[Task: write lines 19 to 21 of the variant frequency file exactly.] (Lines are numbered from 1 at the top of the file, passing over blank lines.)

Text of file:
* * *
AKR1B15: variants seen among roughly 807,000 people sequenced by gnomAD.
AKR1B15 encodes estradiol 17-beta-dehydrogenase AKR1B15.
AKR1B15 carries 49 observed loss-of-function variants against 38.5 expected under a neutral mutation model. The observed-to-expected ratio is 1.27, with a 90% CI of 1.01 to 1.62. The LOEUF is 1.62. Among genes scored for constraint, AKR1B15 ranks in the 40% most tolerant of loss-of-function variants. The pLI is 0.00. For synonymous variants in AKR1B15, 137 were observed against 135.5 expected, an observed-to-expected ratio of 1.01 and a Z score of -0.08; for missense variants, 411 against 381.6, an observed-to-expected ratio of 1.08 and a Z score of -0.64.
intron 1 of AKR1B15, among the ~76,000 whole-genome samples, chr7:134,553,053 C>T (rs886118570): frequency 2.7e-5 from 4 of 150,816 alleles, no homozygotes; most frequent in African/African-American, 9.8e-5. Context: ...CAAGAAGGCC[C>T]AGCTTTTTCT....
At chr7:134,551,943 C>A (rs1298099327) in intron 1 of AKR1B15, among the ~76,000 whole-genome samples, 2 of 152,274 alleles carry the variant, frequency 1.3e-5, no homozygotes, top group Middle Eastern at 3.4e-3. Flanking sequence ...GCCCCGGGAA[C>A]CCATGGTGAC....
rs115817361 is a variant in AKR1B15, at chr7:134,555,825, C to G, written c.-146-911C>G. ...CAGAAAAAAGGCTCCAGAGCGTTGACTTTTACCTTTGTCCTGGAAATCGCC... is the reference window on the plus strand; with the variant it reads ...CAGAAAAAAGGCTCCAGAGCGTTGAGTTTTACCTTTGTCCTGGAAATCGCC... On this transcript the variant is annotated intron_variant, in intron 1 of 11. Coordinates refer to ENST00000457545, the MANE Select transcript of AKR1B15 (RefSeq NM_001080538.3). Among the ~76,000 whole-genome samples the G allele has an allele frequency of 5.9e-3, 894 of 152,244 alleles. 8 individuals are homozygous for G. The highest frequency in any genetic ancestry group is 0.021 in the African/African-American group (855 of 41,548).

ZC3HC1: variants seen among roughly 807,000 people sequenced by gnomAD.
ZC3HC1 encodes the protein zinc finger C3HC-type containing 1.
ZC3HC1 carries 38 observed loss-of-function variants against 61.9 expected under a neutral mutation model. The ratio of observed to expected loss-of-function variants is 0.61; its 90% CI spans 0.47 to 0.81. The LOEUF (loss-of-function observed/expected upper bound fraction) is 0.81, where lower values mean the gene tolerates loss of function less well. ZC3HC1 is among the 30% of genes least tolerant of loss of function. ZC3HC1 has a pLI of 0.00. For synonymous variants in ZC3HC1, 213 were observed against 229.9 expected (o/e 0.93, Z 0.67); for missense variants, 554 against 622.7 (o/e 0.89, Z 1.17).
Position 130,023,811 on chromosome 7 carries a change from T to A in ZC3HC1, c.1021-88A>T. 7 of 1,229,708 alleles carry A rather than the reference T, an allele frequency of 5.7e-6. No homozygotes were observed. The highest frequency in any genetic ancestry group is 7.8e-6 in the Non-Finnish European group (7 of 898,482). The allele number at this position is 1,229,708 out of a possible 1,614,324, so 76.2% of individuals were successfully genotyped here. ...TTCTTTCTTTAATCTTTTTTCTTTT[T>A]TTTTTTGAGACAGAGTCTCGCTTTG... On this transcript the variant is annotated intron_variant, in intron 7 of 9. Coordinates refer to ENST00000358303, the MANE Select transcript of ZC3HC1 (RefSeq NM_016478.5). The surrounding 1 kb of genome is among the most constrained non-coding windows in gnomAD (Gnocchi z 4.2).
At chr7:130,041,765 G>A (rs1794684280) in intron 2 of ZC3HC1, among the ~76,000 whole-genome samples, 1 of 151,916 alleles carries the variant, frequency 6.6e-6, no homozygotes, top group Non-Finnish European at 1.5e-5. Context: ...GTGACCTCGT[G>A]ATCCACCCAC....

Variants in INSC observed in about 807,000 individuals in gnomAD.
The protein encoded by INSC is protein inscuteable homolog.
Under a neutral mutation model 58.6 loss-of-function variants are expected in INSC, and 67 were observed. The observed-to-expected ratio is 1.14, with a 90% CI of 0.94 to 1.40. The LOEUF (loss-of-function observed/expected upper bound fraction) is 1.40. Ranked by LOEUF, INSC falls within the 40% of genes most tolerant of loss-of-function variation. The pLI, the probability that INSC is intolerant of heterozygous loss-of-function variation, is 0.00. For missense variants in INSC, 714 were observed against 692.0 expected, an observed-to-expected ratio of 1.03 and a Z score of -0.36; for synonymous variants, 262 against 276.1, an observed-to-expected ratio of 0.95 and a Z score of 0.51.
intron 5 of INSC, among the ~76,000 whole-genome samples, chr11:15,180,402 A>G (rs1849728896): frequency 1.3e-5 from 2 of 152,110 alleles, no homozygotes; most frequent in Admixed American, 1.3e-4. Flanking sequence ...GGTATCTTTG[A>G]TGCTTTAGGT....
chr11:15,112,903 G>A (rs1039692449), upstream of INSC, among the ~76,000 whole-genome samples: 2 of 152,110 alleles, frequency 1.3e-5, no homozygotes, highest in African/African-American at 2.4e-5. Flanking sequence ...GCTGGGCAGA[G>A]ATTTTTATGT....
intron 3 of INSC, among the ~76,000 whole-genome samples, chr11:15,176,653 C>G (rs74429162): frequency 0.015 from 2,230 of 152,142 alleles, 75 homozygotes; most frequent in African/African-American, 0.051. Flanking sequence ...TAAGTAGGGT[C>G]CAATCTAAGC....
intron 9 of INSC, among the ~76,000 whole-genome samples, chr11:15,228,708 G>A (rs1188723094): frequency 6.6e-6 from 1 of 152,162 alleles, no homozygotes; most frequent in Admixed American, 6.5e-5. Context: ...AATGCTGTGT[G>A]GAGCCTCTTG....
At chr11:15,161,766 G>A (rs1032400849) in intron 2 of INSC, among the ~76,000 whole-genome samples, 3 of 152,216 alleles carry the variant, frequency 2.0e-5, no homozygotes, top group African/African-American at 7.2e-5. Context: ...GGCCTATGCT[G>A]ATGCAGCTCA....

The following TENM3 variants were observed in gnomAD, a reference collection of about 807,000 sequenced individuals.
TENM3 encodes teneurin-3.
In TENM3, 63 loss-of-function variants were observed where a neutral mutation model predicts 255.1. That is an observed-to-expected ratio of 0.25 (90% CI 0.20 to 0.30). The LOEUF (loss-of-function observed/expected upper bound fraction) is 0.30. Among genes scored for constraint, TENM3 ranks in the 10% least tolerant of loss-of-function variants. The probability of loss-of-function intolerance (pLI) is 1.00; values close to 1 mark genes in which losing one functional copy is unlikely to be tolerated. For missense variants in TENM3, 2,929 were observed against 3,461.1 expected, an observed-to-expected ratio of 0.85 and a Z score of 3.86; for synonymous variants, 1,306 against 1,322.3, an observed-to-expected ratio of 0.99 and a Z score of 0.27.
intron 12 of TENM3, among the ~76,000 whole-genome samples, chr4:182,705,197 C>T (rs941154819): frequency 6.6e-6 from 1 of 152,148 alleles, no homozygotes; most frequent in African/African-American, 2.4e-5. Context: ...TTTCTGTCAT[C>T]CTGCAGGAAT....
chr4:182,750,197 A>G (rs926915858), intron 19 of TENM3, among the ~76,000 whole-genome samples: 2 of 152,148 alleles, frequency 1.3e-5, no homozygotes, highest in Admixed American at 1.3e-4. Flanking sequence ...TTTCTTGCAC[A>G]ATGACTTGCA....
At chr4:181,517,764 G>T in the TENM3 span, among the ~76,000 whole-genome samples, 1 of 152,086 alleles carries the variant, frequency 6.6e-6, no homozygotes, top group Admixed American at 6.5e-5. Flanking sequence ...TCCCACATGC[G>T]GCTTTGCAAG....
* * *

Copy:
At chr11:15,161,766 G>A (rs1032400849) in intron 2 of INSC, among the ~76,000 whole-genome samples, 3 of 152,216 alleles carry the variant, frequency 2.0e-5, no homozygotes, top group African/African-American at 7.2e-5. Context: ...GGCCTATGCT[G>A]ATGCAGCTCA....

The following TENM3 variants were observed in gnomAD, a reference collection of about 807,000 sequenced individuals.
TENM3 encodes teneurin-3.